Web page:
In 2013, its first year of full sales back in the UK, Dacia registered a total of 17,146 cars. That figure eclipsed more mainstream rivals like Jaguar and Alfa Romeo. But how did a relatively unknown manufacturer from the one of the strictest former Eastern Bloc countries – Romania – pull off such a successful assault on the UK car market?
To get a proper understanding of the progression of Dacia, we headed to Bucharest – Romania’s capital city – to see how far things have come for the brand, from the design of its cars right through to their manufacturing and testing.
Dacia started life in 1966 under the moniker of Uzina de Autoturisme Pitesti (UAP). And its first car wasn’t an in-house new model, but a Renault 8 produced under licence called the Dacia 1100. From 1968 to 1972, just 44,000 were made. By 1969, this was joined by the Dacia 1300.
Again, it was a copy of another Renault – this time the Renault 12. It had a lengthy lifespan, being built right up to 2004, with some design tweaks and modernisation along the way, of course. But while production was steady and numbers were good, under Nicolae Ceausescu, Romania was one of the most Stalinist police states in the Eastern Bloc.
The legacy of this era lives on, with huge, opulent buildings now sitting largely empty in the centre of Bucharest. Under such a strict regime, the Dacia brand was suffocated somewhat, as the communist regime discouraged innovation. This meant cars were rarely updated. And this had an effect on the relationship with Renault, which cut any ties to the company, with poor safety standards in Dacias also a worry for the French firm.
Despite the tight state controls, Dacias were being exported to countries including the UK during this time. But as the cars slipped behind the standards of other brands, they were largely forgotten about and sales plummeted.
Things started to change when Renault bought a controlling stake in 1999 and set about transforming the brand into what it is today. And our journey begins at Dacia’s relatively new design studios – perhaps one of the best examples of just how more modern and European-thinking the brand has become.
Opened in 2007, in the heart of Bucharest, the design studio is part of a network of design centres within the Renault Group, and is a thoroughly international affair. Heading the centre up is British designer Geoff Gardiner. “There are a total of 24 people working at the centre from all over the world,” Gardiner explains. “We have designers from Bulgaria and India, but also from Romania.”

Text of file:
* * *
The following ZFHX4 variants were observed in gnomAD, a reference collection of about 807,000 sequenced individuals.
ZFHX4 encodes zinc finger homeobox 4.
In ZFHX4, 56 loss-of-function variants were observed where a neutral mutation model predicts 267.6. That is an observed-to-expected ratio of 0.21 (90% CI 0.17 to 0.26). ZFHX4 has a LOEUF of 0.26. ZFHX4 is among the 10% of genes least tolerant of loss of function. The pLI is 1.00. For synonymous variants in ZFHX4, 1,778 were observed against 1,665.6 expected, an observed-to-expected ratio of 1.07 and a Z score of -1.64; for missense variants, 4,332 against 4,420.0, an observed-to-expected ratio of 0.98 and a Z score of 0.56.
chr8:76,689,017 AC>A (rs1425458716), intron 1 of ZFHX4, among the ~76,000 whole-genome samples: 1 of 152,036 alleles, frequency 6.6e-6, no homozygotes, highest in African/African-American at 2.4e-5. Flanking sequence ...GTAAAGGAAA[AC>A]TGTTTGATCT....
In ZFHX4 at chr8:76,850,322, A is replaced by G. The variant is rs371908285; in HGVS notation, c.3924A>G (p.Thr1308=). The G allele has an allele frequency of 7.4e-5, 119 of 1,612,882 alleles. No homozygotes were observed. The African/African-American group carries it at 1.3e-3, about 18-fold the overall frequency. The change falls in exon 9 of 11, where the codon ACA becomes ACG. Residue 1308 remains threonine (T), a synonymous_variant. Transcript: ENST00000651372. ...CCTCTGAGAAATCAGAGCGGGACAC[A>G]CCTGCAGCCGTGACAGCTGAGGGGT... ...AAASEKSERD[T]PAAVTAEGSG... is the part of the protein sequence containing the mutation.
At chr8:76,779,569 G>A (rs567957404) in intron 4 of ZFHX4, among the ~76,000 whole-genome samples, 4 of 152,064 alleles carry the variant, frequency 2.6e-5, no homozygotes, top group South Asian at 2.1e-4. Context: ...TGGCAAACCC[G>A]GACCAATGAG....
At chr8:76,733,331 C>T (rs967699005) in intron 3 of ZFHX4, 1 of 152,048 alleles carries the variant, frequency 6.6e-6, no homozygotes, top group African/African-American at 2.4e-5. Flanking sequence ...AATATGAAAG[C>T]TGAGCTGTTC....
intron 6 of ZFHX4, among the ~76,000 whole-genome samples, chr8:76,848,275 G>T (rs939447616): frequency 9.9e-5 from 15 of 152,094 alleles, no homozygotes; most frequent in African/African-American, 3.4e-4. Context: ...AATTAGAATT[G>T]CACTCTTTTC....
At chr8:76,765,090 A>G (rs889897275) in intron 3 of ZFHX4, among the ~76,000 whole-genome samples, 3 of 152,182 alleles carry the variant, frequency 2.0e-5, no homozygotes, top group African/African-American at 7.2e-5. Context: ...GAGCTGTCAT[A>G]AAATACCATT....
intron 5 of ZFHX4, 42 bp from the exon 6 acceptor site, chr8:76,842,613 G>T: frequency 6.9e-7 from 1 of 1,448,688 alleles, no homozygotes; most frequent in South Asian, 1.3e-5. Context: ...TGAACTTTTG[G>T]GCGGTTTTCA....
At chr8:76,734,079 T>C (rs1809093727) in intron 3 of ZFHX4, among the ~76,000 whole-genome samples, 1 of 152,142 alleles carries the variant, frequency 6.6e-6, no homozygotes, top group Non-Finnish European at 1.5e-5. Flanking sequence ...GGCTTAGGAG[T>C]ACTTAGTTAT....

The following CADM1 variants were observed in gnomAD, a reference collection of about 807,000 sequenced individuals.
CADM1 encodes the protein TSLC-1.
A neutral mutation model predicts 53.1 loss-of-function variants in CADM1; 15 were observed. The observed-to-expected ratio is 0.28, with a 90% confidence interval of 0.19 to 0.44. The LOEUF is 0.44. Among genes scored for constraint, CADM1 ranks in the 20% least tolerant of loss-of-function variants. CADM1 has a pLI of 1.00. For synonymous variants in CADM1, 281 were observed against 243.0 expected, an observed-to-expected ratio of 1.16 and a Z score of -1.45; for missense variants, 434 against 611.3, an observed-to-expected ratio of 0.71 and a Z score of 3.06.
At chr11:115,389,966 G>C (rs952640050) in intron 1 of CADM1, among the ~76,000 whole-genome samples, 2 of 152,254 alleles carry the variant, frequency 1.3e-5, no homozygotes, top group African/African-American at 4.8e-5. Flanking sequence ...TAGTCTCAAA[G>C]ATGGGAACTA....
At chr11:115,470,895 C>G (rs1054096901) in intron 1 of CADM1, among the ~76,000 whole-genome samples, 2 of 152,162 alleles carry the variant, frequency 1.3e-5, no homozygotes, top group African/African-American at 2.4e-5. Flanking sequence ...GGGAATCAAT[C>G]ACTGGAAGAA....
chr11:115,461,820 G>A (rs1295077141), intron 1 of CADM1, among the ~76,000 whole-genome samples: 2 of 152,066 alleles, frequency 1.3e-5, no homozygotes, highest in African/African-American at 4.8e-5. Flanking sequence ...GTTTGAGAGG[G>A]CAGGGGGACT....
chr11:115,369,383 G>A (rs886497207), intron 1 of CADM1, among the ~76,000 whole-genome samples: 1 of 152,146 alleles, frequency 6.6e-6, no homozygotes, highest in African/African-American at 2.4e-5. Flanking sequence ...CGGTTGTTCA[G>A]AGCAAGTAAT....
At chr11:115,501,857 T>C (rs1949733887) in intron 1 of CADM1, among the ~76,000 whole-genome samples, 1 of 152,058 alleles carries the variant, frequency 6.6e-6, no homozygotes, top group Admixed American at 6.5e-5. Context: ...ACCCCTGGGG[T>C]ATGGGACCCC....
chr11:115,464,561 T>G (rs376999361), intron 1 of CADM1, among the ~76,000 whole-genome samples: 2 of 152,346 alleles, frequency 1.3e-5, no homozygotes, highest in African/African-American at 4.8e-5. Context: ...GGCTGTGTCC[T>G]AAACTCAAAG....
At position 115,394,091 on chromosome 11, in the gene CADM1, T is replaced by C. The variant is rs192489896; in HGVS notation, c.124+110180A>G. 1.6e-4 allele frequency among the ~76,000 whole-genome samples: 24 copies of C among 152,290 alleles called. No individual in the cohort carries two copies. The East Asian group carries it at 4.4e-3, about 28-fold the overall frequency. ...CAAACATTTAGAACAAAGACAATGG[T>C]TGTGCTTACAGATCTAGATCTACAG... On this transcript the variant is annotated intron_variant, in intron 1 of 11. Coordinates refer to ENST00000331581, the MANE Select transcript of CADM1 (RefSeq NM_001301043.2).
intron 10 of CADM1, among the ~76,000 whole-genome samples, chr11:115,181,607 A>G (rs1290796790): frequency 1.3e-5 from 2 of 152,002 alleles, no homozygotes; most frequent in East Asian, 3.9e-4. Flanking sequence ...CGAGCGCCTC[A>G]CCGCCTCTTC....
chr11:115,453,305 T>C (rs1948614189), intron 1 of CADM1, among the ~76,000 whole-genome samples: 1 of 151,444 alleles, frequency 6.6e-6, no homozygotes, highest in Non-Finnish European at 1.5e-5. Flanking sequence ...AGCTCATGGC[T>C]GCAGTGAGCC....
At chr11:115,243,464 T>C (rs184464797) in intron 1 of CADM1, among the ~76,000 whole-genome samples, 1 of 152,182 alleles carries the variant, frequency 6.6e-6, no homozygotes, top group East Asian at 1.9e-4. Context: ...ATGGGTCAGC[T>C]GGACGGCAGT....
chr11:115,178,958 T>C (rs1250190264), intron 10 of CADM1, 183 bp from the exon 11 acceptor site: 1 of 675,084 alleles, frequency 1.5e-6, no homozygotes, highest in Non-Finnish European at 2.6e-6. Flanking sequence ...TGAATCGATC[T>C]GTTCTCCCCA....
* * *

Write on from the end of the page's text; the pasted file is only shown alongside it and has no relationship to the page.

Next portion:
The development of homegrown talent is still key to the Dacia brand, with the company establishing relationships with nearby design schools. And despite the clear forward step in bringing Bucharest into line with Renault’s global vision, Gardiner is under no illusions about what Dacia still stands for. “You get a lot from your money from Dacias,” he says. “They are robust, with a Germanic feel.”
Also working at the centre is Xavier Francois Lescourret, whose department is in charge of the perceived quality of the cars. “We are pleased with the new models,” he tells us. “They now have the perceived quality of some Skodas or lower VWs.”
But there is still some satisfaction in the earlier Dacia models, too. Lescourret continues: “They were right for the markets and we then made modifications in order for the newer cars to fit in other markets.”
This combination of value for money, but adapting cars to suit individual markets, has seen sales grow from 23,000 back in 2004 to an impressive 430,000 in 2013. The manufacturing numbers are even more impressive. The factory in Mioveni produced 342,620 vehicles in 2013, and it has the capacity to build 1,390 a day – that’s a car every 55 seconds.
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